For the most part congressional Republicans are quietly going along with the idea of the president declaring a national emergency over his frustrated plans for a border wall. That could enable them to bypass the apparently intractable three-way deadlock with Democrats and with the White House over border security, DACA, and associated issues, and then quickly reopen the federal government before the combination of unpaid employees and contractors and unfilled benefits and services begins to seriously complicate their lives.
Marco Rubio, though, is a rare voice publicly voicing what are likely a lot of private concerns about the broader implications of a national-emergency declaration. No, he’s not afraid that Trump will abuse the powers he would instantly obtain thanks to decades of congressional grants of emergency executive authority. Rubio’s afraid of the precedent it would set for a Democrat, as CNBC reports:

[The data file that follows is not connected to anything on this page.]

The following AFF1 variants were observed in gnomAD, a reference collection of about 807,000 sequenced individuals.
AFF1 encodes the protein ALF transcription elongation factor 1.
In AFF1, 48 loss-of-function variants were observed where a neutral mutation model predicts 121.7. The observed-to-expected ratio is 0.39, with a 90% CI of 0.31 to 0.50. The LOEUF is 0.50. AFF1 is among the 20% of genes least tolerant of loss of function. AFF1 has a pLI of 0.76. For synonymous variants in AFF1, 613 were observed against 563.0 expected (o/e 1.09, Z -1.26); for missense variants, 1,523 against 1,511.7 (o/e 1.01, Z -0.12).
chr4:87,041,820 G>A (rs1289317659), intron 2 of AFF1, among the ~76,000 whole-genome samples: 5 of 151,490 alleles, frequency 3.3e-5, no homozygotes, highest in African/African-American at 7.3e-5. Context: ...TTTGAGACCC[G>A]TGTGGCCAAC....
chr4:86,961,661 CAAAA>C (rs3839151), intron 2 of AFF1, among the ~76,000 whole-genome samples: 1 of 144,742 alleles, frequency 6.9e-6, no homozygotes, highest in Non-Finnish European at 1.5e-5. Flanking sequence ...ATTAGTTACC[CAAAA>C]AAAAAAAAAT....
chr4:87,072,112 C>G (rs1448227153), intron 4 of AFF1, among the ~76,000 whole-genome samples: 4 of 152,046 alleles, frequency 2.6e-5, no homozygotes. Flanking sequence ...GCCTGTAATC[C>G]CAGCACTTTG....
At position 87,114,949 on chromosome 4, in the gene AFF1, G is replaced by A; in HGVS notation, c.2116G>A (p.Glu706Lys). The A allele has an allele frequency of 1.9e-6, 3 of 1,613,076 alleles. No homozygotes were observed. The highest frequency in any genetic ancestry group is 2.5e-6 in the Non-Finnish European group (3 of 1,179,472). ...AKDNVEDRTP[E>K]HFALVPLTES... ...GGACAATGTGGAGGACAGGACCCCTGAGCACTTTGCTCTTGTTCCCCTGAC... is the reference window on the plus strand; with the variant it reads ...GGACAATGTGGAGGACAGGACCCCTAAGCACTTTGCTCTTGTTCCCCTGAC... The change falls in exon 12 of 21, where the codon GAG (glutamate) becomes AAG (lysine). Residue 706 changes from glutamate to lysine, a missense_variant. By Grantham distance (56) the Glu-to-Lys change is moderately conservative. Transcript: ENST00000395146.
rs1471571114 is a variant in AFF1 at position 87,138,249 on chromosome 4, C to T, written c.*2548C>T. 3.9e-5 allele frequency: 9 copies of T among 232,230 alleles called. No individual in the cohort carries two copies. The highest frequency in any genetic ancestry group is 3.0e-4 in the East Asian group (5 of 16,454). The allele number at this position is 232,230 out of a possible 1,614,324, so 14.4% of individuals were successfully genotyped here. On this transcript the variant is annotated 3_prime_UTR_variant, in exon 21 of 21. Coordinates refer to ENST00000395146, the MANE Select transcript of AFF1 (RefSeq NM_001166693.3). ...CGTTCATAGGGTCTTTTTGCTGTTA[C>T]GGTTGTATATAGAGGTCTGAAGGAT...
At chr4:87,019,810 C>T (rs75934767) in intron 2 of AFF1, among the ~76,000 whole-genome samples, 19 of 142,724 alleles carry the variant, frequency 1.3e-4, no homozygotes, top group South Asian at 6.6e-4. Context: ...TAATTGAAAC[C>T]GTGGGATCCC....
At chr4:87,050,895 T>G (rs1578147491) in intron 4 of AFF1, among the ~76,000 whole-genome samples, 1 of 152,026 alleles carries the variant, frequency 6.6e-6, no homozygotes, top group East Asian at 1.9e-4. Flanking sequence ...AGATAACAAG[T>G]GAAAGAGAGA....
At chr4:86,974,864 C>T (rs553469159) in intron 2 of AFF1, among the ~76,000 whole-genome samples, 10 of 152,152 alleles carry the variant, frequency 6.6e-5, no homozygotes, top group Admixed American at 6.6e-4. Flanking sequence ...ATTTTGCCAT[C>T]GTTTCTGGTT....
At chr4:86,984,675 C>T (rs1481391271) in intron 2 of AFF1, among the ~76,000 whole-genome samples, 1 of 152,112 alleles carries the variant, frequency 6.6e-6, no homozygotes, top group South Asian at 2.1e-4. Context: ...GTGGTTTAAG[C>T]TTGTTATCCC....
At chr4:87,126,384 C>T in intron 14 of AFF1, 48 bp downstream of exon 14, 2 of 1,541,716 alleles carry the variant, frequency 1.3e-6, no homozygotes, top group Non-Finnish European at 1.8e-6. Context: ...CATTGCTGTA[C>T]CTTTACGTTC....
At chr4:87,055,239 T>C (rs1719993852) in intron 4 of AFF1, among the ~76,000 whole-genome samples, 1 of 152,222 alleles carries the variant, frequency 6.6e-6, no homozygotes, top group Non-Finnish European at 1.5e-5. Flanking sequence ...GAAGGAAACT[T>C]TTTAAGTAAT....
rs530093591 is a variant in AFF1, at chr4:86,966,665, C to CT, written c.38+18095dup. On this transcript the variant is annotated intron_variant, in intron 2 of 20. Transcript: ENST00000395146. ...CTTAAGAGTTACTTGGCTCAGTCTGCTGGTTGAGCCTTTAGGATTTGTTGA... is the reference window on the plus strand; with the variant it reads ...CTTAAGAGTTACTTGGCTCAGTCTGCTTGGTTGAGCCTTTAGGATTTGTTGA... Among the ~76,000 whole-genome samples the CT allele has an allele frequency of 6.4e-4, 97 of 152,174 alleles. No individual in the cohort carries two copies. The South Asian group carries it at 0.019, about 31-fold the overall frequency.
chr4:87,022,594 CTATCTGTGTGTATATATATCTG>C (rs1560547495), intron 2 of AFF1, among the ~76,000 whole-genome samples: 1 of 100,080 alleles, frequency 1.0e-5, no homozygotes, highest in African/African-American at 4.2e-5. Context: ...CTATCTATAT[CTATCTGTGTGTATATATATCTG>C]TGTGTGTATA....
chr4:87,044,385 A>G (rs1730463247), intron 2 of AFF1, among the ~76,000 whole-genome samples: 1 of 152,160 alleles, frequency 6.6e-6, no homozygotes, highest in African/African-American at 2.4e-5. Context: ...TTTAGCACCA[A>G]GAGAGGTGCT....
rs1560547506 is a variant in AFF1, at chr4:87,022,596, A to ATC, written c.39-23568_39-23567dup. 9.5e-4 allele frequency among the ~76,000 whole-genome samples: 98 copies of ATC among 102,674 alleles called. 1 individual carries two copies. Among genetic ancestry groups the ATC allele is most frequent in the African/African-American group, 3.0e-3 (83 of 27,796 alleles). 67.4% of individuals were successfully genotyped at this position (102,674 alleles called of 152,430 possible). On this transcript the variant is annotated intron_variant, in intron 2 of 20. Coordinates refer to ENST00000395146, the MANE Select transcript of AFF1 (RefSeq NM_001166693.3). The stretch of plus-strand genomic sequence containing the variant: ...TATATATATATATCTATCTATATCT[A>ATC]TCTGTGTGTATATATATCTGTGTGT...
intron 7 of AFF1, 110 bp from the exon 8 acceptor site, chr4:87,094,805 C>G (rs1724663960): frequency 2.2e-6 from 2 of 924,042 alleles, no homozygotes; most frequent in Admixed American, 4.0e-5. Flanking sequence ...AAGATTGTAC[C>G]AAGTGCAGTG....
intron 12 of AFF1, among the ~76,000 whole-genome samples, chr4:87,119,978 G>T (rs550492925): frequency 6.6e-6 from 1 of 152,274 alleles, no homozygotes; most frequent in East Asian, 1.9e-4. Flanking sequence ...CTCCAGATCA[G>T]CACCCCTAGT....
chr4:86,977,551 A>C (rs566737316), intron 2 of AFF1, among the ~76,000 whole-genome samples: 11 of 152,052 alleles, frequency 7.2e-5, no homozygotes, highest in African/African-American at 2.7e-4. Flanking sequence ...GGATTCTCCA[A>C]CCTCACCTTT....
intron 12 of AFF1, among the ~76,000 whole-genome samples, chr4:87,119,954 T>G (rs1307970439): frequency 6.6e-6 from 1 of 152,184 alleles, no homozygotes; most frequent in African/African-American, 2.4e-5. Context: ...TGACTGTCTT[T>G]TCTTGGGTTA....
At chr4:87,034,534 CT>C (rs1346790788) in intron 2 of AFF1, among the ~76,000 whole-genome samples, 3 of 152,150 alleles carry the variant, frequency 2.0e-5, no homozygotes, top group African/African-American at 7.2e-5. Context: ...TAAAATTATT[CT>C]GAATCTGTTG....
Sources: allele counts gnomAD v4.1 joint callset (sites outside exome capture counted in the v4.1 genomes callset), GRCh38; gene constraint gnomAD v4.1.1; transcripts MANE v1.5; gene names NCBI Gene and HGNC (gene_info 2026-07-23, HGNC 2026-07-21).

The Florida Republican contended that Trump was elected on the promise of building a wall along the U.S.-Mexico border and the president has to “keep that promise.” But “we have to be careful about endorsing broad uses of executive power,” he added. “I’m not prepared to endorse that right now.”
Such a declaration would set a precedent, Rubio said. “If today, the national emergency is border security … tomorrow the national emergency might be climate change.”
Imagine that! A “national emergency” declaration over an actual national emergency. 2020 presidential aspirant Jay Inslee may have found his silver bullet for elevating this issue to one that mobilizes the full resources of the federal government and concentrates public attention on a truly existential threat. An unnecessary and offensive border wall might be worth it after all.